You might also call the parent(s) of the child(ren) who had a tough drop off. Either ask your director if she can call on your behalf, or have someone cover your room for 5 or 10 minutes so you can do this.
Do not call in front of the child. Seriously, this will start it all over again!
Make the call quick! "Hi _______. I just wanted to give you a quick call to let you know that _________ is doing great! He (she) is building a castle in the block area with some of her new friends. She calmed down within ____ minutes."
Parents will not only love and appreciate this type of quick call, but will develop trust in you that you are concerned about their child.
I mean, YOU know you care about them all, but this shows the parent that each individual child is important to them and they are not just one big group of kids to you!
7. Talk About It
When I say talk about it, I mean both to the children and to the parents!
WITH THE CHILDREN:
At Circle Time, talk about how they are feeling about school!
Perhaps do your first ever group graph called HOW DO YOU FEEL TODAY?
Show the children emotion faces (perhaps have stickers or little ones to place on your chart).
Talk to them about the new year and how it can be scary! Does any feel sad? Who feels happy? Who feels scared or afraid? etc.
Let them put a sticker next to their name or you can put it there for them.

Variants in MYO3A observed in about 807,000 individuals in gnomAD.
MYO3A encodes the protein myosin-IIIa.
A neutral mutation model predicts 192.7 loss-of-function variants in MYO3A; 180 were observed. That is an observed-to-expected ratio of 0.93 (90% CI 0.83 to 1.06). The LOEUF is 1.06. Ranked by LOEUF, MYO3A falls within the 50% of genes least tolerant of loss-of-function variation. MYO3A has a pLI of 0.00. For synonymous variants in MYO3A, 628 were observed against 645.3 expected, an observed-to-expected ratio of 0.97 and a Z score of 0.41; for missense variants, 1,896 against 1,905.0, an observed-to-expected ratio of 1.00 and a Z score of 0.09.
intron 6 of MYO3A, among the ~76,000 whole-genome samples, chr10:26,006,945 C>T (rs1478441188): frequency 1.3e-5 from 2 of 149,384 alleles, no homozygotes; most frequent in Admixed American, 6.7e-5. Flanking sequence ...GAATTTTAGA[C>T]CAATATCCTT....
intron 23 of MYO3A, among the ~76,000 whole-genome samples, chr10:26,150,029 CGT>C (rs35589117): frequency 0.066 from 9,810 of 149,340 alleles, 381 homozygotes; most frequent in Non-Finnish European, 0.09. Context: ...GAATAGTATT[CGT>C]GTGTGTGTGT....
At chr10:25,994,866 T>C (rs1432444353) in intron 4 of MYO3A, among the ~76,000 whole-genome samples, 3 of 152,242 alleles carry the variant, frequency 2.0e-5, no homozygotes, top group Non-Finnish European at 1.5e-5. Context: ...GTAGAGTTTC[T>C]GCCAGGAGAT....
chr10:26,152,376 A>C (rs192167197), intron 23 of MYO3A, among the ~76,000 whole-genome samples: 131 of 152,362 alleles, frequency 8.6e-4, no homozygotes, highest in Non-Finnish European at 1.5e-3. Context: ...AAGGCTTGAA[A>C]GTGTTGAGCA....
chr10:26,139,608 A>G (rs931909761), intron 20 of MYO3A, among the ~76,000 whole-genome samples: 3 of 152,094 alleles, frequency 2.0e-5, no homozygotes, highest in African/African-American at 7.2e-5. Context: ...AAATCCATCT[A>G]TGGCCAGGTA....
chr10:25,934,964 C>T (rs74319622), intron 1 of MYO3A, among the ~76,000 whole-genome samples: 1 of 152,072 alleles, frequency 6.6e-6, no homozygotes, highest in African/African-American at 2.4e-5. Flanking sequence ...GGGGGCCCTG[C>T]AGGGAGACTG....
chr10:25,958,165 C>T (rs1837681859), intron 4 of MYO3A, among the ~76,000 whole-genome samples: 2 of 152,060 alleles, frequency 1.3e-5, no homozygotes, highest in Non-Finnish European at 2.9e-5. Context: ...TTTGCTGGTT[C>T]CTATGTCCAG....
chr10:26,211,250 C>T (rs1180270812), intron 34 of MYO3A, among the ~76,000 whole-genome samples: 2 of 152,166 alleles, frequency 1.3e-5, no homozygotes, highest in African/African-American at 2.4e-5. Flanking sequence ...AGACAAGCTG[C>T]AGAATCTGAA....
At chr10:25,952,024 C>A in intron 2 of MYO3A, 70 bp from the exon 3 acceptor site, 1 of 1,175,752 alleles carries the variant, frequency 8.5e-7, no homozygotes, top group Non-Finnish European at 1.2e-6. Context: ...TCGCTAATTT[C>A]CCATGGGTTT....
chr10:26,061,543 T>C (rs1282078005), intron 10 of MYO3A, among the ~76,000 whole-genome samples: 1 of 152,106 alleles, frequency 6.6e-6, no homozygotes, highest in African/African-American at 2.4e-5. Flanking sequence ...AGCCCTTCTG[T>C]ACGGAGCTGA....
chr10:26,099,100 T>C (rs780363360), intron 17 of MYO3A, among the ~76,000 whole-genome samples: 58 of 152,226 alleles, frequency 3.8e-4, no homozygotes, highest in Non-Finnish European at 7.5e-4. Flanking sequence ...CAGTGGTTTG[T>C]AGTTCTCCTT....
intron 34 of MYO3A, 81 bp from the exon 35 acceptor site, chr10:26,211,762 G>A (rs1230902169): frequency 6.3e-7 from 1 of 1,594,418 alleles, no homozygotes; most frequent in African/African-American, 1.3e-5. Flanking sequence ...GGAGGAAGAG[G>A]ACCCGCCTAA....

WITH THE PARENTS
Be available at pick up time. Talk briefly about their transition. I suggest including a few brief items to EACH parent as they pick up:
A. Use the child's name.
B. State the amount of time it took for them to settle in.
C. State a favorite activity and a friend's name.
D. Give the parent an idea of what will happen the next day to help their child prepare on the next school day:
Something like:
"Julie had a fun morning. She settled in within 5 minutes. She played with playdough and enjoyed building a castle with blocks with her friends Joany and Robby. On Thursday, we're going to paint and she said she's pretty excited about that."
You might even have a pretyped letter that has these items on them and then fill in the blanks with each item for each child (with the help of your co-workers throughout the morning) and hand them out (do NOT put them in backpacks! Have parents see them right away) to the parents as they pick up their child.